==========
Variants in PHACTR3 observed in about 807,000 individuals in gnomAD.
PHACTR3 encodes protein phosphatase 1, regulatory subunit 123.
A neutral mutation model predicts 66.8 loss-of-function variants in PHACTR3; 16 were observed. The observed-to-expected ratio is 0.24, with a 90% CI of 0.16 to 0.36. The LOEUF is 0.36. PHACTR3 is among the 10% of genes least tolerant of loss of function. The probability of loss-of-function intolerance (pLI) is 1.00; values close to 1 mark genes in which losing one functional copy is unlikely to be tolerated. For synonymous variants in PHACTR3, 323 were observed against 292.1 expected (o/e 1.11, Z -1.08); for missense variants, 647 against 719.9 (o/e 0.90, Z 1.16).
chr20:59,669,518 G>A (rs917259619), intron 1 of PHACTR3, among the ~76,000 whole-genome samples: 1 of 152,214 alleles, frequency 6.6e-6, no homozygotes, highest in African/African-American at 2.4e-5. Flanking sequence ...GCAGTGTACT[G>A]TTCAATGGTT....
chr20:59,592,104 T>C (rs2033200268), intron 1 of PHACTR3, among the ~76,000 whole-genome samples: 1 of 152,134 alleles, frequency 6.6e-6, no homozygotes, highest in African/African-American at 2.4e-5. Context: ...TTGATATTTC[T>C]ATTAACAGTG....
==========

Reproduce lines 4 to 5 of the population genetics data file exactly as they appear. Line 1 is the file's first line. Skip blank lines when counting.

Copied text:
chr20:59,669,518 G>A (rs917259619), intron 1 of PHACTR3, among the ~76,000 whole-genome samples: 1 of 152,214 alleles, frequency 6.6e-6, no homozygotes, highest in African/African-American at 2.4e-5. Flanking sequence ...GCAGTGTACT[G>A]TTCAATGGTT....
chr20:59,592,104 T>C (rs2033200268), intron 1 of PHACTR3, among the ~76,000 whole-genome samples: 1 of 152,134 alleles, frequency 6.6e-6, no homozygotes, highest in African/African-American at 2.4e-5. Context: ...TTGATATTTC[T>C]ATTAACAGTG....